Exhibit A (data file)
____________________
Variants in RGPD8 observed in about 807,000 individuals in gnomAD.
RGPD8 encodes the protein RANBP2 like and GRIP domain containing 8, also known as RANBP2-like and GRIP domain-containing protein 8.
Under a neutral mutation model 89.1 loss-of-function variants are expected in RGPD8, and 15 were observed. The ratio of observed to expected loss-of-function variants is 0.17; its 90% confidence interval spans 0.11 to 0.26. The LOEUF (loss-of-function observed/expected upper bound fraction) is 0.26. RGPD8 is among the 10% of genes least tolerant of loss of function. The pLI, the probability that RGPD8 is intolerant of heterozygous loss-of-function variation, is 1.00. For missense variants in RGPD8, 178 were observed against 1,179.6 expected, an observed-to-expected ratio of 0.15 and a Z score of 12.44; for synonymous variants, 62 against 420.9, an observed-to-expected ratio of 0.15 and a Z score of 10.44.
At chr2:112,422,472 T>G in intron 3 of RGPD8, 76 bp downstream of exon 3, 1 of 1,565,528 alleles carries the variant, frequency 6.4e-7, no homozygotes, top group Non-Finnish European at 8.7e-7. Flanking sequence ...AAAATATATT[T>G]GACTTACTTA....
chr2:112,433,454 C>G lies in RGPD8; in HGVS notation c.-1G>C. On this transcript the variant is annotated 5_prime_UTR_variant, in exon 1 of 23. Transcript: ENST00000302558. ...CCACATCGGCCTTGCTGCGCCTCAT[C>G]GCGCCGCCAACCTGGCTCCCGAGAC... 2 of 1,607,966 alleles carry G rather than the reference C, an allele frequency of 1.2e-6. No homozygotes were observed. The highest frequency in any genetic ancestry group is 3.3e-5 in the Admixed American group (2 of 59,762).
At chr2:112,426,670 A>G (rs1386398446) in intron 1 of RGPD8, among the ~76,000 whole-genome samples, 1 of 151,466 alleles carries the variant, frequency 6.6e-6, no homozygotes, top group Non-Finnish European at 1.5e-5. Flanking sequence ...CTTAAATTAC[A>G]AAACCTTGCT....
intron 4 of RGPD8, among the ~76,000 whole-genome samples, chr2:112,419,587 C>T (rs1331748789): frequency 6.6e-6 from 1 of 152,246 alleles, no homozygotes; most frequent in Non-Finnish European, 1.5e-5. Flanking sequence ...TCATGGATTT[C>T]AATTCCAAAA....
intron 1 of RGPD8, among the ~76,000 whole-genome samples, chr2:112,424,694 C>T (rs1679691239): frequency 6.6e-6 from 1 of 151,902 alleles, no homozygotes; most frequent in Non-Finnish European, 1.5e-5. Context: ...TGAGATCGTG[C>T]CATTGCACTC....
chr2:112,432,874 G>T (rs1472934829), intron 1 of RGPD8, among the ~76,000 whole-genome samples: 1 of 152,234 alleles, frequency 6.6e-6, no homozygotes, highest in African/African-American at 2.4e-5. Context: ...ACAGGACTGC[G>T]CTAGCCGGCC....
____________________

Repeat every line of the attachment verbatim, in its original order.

Variants in RGPD8 observed in about 807,000 individuals in gnomAD.
RGPD8 encodes the protein RANBP2 like and GRIP domain containing 8, also known as RANBP2-like and GRIP domain-containing protein 8.
Under a neutral mutation model 89.1 loss-of-function variants are expected in RGPD8, and 15 were observed. The ratio of observed to expected loss-of-function variants is 0.17; its 90% confidence interval spans 0.11 to 0.26. The LOEUF (loss-of-function observed/expected upper bound fraction) is 0.26. RGPD8 is among the 10% of genes least tolerant of loss of function. The pLI, the probability that RGPD8 is intolerant of heterozygous loss-of-function variation, is 1.00. For missense variants in RGPD8, 178 were observed against 1,179.6 expected, an observed-to-expected ratio of 0.15 and a Z score of 12.44; for synonymous variants, 62 against 420.9, an observed-to-expected ratio of 0.15 and a Z score of 10.44.
At chr2:112,422,472 T>G in intron 3 of RGPD8, 76 bp downstream of exon 3, 1 of 1,565,528 alleles carries the variant, frequency 6.4e-7, no homozygotes, top group Non-Finnish European at 8.7e-7. Flanking sequence ...AAAATATATT[T>G]GACTTACTTA....
chr2:112,433,454 C>G lies in RGPD8; in HGVS notation c.-1G>C. On this transcript the variant is annotated 5_prime_UTR_variant, in exon 1 of 23. Transcript: ENST00000302558. ...CCACATCGGCCTTGCTGCGCCTCAT[C>G]GCGCCGCCAACCTGGCTCCCGAGAC... 2 of 1,607,966 alleles carry G rather than the reference C, an allele frequency of 1.2e-6. No homozygotes were observed. The highest frequency in any genetic ancestry group is 3.3e-5 in the Admixed American group (2 of 59,762).
At chr2:112,426,670 A>G (rs1386398446) in intron 1 of RGPD8, among the ~76,000 whole-genome samples, 1 of 151,466 alleles carries the variant, frequency 6.6e-6, no homozygotes, top group Non-Finnish European at 1.5e-5. Flanking sequence ...CTTAAATTAC[A>G]AAACCTTGCT....
intron 4 of RGPD8, among the ~76,000 whole-genome samples, chr2:112,419,587 C>T (rs1331748789): frequency 6.6e-6 from 1 of 152,246 alleles, no homozygotes; most frequent in Non-Finnish European, 1.5e-5. Flanking sequence ...TCATGGATTT[C>T]AATTCCAAAA....
intron 1 of RGPD8, among the ~76,000 whole-genome samples, chr2:112,424,694 C>T (rs1679691239): frequency 6.6e-6 from 1 of 151,902 alleles, no homozygotes; most frequent in Non-Finnish European, 1.5e-5. Context: ...TGAGATCGTG[C>T]CATTGCACTC....
chr2:112,432,874 G>T (rs1472934829), intron 1 of RGPD8, among the ~76,000 whole-genome samples: 1 of 152,234 alleles, frequency 6.6e-6, no homozygotes, highest in African/African-American at 2.4e-5. Context: ...ACAGGACTGC[G>T]CTAGCCGGCC....